I played the Commodore 64 version, which was ported by Ian Gray, and in similar style to a lot of budget releases from Codemasters it was a pretty poor conversion. I’m assuming it was a port of the Spectrum version (though it may have been the CPC), and aside from getting rid of some colour-clash and added some admittedly good music there isn’t much that takes advantage of the Commodore’s better graphics. To be fair, though, there is a charm to the art style. It’s not quite the ‘cartoon adventure’ that the marketing promised, but it’s pretty close given the restrictions of the hardware.

Playing the game today makes me sad, in the way that looking back at my wedding photos does. I want the game to make me happy, to make me remember the days when life was simpler. But it doesn’t. With the passing years has come too much recognition of how games should work and play, and Treasure Island Dizzy just hasn’t got enough of them. The insta-deaths, single life, frustration of the end-game, obscure puzzles, whilst all admittedly standards of the time just don’t hold up any more. *Sigh*.

Treasure Island Dizzy: it seemed a great game a quarter of a century ago, but just isn’t any more. And that makes me want to cry.

Nightmare (without the ‘K’)

Title: Nightmare
Format: C64
Release date: 1991 (?)
Obtained: Unsure, probably around 1992-3
Place of purchase: The Guild Adventure Software (public domain)
Price: Approx. £1
Completed?: Yes

A text adventure by a chap called William Quinn, Nightmare was one of the first things I remembered buying (using pocket money via by mum’s chequebook) from mail-order firm The Guild. This was a company run by Anthony Collins that specialised in text adventures; I recall that you used to get their ‘catalogues’ on photocopied sheets of A4, and that the proprietor would hand-sign the compliments slip that came with every purchase. I’m not sure how I actually came across The Guild in the first place, though it probably must have been via Zzap! 64 or Commodore Format, as these were pretty much the only place I got games information back in those pre-Internet days.

On the other hand, I do remember how I came across William Quinn: it was a copy of LA Adventure Part I on Zzap! megatape 31. I’ll talk in detail about that game at some other point, but I enjoyed it and it made me want to play more of Mr. Quinn’s titles. Nightmare was the first other one I bought, and I enjoyed it immensely. The story was pretty simple: you wake up one night only to find that, actually, you haven’t woken up and that you’re having a nightmare. This is the sort of realisation that never actually happens during the nocturnal hours, but that didn’t particularly bother me at the time I played it. Your character was tipped off that ‘it was all a dream’ by the fact that your room was tidy; in typical game fashion, this sparks off a quest, specifically to find the bag of rubbish that once filled your room and return it back to its previous state of disshelvement.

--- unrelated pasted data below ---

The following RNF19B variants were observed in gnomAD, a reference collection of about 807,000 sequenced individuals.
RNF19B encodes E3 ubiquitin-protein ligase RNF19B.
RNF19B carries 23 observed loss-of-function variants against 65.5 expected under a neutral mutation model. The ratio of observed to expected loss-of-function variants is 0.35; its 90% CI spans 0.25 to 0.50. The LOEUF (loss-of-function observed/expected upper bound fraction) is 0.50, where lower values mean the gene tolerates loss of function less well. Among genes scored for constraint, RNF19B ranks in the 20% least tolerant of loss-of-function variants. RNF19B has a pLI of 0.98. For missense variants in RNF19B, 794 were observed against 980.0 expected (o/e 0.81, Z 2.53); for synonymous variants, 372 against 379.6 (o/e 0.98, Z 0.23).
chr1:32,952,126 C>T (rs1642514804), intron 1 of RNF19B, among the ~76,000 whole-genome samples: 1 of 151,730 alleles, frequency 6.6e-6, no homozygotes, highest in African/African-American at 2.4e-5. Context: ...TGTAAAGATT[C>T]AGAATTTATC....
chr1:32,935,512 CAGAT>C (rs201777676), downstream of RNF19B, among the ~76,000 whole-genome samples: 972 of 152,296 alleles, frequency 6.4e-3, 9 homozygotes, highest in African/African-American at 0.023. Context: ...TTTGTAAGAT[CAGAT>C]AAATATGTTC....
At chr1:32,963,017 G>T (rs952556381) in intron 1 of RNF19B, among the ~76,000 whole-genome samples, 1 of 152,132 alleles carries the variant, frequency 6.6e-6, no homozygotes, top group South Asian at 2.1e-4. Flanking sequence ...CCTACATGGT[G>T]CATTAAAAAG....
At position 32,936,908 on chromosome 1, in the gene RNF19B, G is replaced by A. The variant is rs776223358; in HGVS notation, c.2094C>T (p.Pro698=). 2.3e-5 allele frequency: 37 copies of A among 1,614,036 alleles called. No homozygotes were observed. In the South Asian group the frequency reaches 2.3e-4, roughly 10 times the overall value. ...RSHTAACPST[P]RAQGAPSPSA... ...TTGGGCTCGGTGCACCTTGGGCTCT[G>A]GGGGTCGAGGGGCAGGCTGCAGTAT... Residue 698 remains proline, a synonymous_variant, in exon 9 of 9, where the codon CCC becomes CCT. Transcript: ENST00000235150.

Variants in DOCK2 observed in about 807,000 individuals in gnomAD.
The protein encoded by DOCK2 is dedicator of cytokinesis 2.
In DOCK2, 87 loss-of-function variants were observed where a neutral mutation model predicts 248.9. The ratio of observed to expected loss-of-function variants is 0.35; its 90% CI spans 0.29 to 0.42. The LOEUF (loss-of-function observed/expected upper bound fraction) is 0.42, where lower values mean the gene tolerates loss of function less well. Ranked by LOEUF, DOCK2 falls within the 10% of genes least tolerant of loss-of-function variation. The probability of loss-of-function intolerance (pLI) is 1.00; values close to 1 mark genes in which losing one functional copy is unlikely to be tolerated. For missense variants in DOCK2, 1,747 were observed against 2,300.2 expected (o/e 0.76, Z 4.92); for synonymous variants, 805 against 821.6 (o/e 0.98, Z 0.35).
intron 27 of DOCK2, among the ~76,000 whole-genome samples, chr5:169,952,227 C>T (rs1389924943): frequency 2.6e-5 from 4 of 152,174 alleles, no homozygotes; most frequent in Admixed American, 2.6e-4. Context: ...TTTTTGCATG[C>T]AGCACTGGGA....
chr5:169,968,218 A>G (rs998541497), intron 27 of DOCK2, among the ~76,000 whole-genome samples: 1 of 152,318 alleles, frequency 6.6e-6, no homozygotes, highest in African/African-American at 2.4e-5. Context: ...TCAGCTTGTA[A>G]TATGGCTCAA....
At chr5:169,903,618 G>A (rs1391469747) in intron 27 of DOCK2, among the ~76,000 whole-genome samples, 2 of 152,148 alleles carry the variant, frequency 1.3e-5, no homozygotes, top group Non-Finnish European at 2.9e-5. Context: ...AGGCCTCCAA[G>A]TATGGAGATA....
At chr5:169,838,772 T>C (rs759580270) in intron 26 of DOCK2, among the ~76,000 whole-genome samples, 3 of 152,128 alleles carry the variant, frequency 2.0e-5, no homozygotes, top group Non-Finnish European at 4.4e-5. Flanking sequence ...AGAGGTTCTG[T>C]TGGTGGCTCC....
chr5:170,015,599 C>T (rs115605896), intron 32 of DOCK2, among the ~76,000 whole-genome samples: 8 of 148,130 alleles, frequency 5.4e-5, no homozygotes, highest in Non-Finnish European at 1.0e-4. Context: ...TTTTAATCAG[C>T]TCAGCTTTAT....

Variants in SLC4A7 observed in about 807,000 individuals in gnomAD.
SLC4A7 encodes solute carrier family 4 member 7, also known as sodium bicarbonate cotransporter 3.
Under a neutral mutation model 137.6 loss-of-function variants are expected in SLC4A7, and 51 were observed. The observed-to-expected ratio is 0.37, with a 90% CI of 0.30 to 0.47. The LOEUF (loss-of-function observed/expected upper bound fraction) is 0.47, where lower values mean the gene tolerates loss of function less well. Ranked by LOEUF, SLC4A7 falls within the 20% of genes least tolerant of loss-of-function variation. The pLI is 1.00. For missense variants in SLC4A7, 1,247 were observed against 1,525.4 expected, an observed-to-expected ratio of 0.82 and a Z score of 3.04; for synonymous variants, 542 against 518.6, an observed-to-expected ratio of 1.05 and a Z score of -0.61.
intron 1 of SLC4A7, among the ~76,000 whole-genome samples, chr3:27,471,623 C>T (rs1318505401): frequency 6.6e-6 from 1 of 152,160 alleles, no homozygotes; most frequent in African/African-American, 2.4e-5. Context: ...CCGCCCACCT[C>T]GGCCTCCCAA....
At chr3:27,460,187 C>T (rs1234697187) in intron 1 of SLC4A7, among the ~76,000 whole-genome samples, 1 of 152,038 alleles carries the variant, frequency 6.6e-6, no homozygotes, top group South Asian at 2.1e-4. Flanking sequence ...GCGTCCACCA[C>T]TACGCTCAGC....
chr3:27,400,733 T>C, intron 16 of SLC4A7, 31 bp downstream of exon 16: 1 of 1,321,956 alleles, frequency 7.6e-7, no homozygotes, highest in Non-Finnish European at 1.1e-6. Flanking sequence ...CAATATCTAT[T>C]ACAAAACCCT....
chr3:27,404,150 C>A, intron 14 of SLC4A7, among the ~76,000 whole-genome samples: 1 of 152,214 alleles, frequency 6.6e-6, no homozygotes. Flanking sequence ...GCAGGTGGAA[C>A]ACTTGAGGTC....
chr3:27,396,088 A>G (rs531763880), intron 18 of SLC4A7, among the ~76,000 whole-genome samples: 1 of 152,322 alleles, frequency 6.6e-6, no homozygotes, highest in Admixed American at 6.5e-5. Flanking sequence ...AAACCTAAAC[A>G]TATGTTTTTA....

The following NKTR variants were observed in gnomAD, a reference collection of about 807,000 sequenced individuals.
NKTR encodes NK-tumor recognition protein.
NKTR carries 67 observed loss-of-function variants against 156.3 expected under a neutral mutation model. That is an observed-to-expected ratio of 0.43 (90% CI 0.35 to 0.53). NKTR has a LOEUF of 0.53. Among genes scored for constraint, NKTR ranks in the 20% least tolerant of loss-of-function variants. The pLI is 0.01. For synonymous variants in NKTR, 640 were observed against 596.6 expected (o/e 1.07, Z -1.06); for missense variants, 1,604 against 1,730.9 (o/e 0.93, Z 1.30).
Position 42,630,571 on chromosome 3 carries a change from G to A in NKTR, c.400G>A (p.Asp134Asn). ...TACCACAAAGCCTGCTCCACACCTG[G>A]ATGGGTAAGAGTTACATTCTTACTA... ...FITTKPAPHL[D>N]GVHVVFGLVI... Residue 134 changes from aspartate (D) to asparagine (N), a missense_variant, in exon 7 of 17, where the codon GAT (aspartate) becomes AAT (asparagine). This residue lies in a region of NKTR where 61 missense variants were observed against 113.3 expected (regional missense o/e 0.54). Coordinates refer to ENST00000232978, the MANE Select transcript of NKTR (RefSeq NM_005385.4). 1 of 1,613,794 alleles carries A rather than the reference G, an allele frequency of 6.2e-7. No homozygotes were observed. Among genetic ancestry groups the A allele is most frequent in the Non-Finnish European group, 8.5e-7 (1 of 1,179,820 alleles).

Playing through the game again now, it still seems funny, though perhaps in a way that would have appealed more to me as a ‘young adult’ than it does nowadays when I’m an old-fuddy-duddy. This is hardly surprising, though, as I’d hazard a bit of a guess that the author wasn’t that much older than I was when he wrote the game. It suffers all the typical text adventure problems of irritating parsers and too heavy a reliance on trial-and-error to get through the not-always-entirely-logical-puzzles. The game was made using the Graphic Adventure Creator (or GAC for short) and, as such, comes with the rather annoying habbit of taking a long time to respond to commands you’ve entered, particularly if they’re not recognised. Even playing the game on an emulator at 200% speed there’s still a very noticeable wait in-between pressing the enter key and the game getting back to you. Still, you got used to this kind of thing back in the 8-bit days.

At the time Nightmare made me want to make my own text adventures, and though I never got very far with any that I started on, I think its surrealism and style of humour has had a fair impact on things that I’ve written over the years. I’m not sure that I’d actually want to bother playing it all the way through again now unless I was really at a loose end, but in fairness this is probably more to do with the style of game rather than the game itself: the text adventure is a relic of a bygone age and only the very best examples are playable today.

Booty-licious

Booty inlay
Booty inlay (this is the ZX Spectrum version, but I couldn't find the C64 one of this style).

Title: Booty
Format: C64
Release date: 1984
Obtained: Unsure, probably circa 1990.
Place of purchase: Gift.
Price: £1.99
Completed?: No.

Every time Charlotte watches the-surprisingly-not-completely-awful Jake and the Neverland Pirates I’m reminded of Booty. The only real connection is the pirate theme, of course, and it’s not even as if Booty was particularly a favourite game. In fact, I think I only played it a handful of times because I found it so soul-crushingly difficult to even get past the first screen.

The game was a pretty typical 8-bit single-screen platformer, with you cast as the character of Jim the cabin-boy (or somebody the cabin-boy, anyway) wandering around a pirate ship collecting coloured keys and treasure. Thinking about it, the ship must have had an utterly bizarre team of architects, since they came up with what is surely the most impractical layout for the interior of a sea-faring vessel. Doors that can only be unlocked with keys of a particular colour? Okay, then. Ladders placed seemingly at random throughout the ship? Erm, all right.

I do recall it being incredibly difficult, though that may have been a comment on my still-fledging gaming skills. My dad bought it for me one day back in the times when you could buy computer games from the local newsagent, not long after I got my C64 back at Christmas 1989. He used to get quite a lot of games from there for me, actually, which is why I ended up with a large number of random old titles.

Booty
It's Booty, complete with ludicrous ship layout.